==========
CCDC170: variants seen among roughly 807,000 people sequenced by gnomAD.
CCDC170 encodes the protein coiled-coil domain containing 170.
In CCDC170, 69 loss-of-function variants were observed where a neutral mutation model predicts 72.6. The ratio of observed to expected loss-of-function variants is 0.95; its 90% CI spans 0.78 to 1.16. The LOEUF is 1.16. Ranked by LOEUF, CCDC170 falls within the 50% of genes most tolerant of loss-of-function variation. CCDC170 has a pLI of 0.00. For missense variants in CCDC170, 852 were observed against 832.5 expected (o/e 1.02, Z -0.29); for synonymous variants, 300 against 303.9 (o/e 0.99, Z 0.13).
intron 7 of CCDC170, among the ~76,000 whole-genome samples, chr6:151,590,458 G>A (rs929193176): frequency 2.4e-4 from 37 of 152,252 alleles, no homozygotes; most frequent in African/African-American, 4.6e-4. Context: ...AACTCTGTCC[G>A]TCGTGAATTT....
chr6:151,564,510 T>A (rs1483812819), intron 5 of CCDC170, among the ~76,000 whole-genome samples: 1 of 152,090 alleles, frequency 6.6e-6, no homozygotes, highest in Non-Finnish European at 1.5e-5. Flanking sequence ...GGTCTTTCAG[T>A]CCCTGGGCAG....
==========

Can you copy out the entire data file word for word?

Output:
CCDC170: variants seen among roughly 807,000 people sequenced by gnomAD.
CCDC170 encodes the protein coiled-coil domain containing 170.
In CCDC170, 69 loss-of-function variants were observed where a neutral mutation model predicts 72.6. The ratio of observed to expected loss-of-function variants is 0.95; its 90% CI spans 0.78 to 1.16. The LOEUF is 1.16. Ranked by LOEUF, CCDC170 falls within the 50% of genes most tolerant of loss-of-function variation. CCDC170 has a pLI of 0.00. For missense variants in CCDC170, 852 were observed against 832.5 expected (o/e 1.02, Z -0.29); for synonymous variants, 300 against 303.9 (o/e 0.99, Z 0.13).
intron 7 of CCDC170, among the ~76,000 whole-genome samples, chr6:151,590,458 G>A (rs929193176): frequency 2.4e-4 from 37 of 152,252 alleles, no homozygotes; most frequent in African/African-American, 4.6e-4. Context: ...AACTCTGTCC[G>A]TCGTGAATTT....
chr6:151,564,510 T>A (rs1483812819), intron 5 of CCDC170, among the ~76,000 whole-genome samples: 1 of 152,090 alleles, frequency 6.6e-6, no homozygotes, highest in Non-Finnish European at 1.5e-5. Flanking sequence ...GGTCTTTCAG[T>A]CCCTGGGCAG....